The Belarusian leadership under President Alexander Lukashenko is using a mix of police action and concessions to quell protests against taxation for the unemployed, fuelling concern abroad about a renewed bout of oppression against the republic’s political opposition.
A spate of small rallies began around a month ago against a BYN360 (€180) payment to the state budget, popularly dubbed the “social parasite tax”, to be levied on people who failed to pay taxes in 2015 but lived more that 183 days in the country that year. However, as so often happens the demands of the protesters, headed by opposition activists, grew to include broader anti-government slogans.
Police detained or fined more than 75 rally participants in recent days “for exercising their right to peaceful protest”, Marc Behrendt, director for Eurasia programmes with the independent human rights watchdog Freedom House, said in a statement on March 13. Authorities “apparently want to silence all criticism of a presidential decree” requiring payment of the tax, he added.
In a concession to contain the discontent, Lukashenko instructed his government to suspend collection of the tax during 2017, while warning against attempts by “Maidan fanatics” to “instigate aggression”, referring to the Euromaidan protests in Ukraine that toppled the government in 2014.
People who already paid the tax in 2016 will now not have to pay it in 2017 if they are still out of work. If they find a job, then the money will be reimbursed to them on request, Lukashenko told a government meeting on March 9, just before the latest round of protests got underway.
According to official data, 51,600 people had paid the tax by the deadline, February 20, their payments totalling BYN15.6mn. About 470,000 people had been ordered to pay the tax for the year 2015 by the Belarusian tax authorities.
The actions against the peaceful protesters drew a swift negative response from the EU. “The detention and sentencing of peaceful protesters, including leaders of opposition movements, is in contradiction with Belarus’ declared policy of democratisation,” Maja Kocijancic, spokesperson for the European External Action Service, told BelaPAN news agency on March 13. “The EU is committed to a stable, democratic and prosperous future of Belarus, for the benefit of its people, and will continue its work with this objective firmly in mind. We call for an immediate release of the detained protesters.”
After a 700-strong rally on March 11 in the city of Molodechno, three opposition leaders, including Anatoliy Lebedko, head of the United Civic Party, were detained by law enforcement officers and later sentenced by a local court to 15-day jail terms. Several other oppositon activists were sentenced to seven- and 10-day terms in jail in the city of 95,000 people.
“There should be hundreds of thousands of us,” opposition leader Vitaliy Rymashevskiy told the crowd in Molodechno, according to BelaPAN news agency. “We will force the regime to abolish the [tax] decree and hold free and fair elections.”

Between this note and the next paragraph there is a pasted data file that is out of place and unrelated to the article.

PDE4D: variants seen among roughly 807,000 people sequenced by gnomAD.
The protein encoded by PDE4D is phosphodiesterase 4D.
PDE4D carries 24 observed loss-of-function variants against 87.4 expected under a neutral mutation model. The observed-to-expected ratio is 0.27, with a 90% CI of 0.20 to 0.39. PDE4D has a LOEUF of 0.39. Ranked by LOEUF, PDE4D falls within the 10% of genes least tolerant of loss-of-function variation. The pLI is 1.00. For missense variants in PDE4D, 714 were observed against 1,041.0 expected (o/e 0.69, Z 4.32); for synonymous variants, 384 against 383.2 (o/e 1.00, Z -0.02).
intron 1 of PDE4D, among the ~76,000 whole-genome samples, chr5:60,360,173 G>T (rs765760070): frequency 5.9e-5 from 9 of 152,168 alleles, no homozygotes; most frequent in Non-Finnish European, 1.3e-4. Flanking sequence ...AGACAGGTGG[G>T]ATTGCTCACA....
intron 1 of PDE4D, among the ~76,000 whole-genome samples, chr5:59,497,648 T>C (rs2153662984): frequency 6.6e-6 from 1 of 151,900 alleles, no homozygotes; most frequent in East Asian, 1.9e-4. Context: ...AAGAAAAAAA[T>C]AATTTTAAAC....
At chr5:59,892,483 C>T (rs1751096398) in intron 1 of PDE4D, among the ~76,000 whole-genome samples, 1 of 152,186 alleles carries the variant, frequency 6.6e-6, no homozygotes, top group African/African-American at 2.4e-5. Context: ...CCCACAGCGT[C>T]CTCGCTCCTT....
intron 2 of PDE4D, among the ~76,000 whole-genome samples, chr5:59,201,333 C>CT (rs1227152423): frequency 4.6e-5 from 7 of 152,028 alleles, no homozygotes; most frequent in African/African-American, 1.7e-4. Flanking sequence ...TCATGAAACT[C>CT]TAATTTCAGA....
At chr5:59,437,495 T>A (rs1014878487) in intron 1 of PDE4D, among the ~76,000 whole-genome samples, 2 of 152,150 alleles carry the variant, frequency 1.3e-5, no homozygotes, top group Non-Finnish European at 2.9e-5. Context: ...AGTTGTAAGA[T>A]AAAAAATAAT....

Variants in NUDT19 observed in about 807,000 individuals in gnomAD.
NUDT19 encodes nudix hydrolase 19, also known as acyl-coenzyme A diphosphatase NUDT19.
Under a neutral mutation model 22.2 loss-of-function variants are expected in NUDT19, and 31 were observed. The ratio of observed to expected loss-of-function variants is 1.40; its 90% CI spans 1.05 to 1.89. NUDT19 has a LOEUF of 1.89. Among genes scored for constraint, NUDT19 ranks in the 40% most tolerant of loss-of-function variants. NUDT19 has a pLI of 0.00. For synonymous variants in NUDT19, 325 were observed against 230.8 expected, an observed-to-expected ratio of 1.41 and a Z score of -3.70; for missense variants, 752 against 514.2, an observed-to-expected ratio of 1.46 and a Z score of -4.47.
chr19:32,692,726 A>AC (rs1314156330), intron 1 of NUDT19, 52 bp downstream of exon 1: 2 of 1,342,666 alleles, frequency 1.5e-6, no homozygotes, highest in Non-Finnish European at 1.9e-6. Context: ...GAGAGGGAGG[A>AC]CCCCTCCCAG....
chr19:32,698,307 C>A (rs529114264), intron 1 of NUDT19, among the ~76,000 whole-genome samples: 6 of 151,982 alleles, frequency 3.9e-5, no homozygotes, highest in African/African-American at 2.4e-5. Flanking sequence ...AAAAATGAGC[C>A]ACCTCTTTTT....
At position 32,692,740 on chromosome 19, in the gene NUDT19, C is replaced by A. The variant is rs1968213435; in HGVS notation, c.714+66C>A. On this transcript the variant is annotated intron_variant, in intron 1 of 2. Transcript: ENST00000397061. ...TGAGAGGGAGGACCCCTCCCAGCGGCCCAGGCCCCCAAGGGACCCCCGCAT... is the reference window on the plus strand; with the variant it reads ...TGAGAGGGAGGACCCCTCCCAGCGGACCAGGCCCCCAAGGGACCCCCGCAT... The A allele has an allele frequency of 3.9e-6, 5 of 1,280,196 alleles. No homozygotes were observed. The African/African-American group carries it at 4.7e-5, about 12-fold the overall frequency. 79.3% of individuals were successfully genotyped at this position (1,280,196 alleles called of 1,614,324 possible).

On March 12, several protesters were detained by law enforcement officers in the city of Bobruisk with population of around 220,000 during a rally of around 800 people; some 300 people turned out in the city of Rogachev (population 33,000), while 1,000 took part in a rally in Orsha (115,000). Police also raided the office of the United Civic Party in Bobruisk.
In the city of Brest, where 330,000 people live, only around 150 people participated in an anti-government rally on March 12 compared with more than 1,000 participants seven days ago, indicating that the protests are losing their momentum in this region.
Several journalists, specifically, with the RFE/RL, Poland-based Belsat televison channel and BelaPAN news agency, were briefly detained during the rallies.
On March 11, Joseph Daul, the president of the European People’s Party, urged the Belarusian government to “abide by international law” after the arrests. “[Belarus should] respect people’s basic human rights: freedom of speech and assembly; immediately release centre-right leaders,” the politician wrote in his Twitter account.
Meanwhile, three days earlier, Lukashenko had instructed national law enforcement agencies to introduce “perfect order in the country” during anti-government rallies.
“We cannot prohibit people from taking to the streets,” BelTA news agency quoted Lukashenko as saying on March 9. “Allocate places in cities and towns where people could come and express their opinions ... There should not be any obstacles for the normal life of working people.”
At the same time, the president urged the imposition of tough measures against “Maidan fanatics”, who went to Ukraine “to look for organisers [of anti-government rallies] there”. “Some 300 to 400 people led by our Maidan fanatics ... will try to instigate aggression. They will find 10 to 20 professionals like those who opened fire in Kyiv. This will lead to bloodshed and disaster. Therefore, we must do our best to prevent it,” Lukashenko said.
The tensions follow a period of cautious optimism that Lukashenko's government will relax its grip on civil society, following the release from jail of political opponents in 2015.
This in turn led to the lifting of most of the EU sanctions against Belarus in early 2016, raising hopes of a rapprochement between Minsk and the West.
“With basic freedoms strangled in Belarus, it has been years since we saw protests of this scale, which appear to have taken the Belarusian authorities by surprise,” said John Dalhuisen, Director for Europe and Central Asia at Amnesty International.
“After initially allowing protests against the deeply controversial unemployment tax to proceed, now the authorities have returned to their habitual knee-jerk reaction of arresting peaceful demonstrators. This escalation is disturbing and the arbitrary detention of dissenting voices must end immediately.”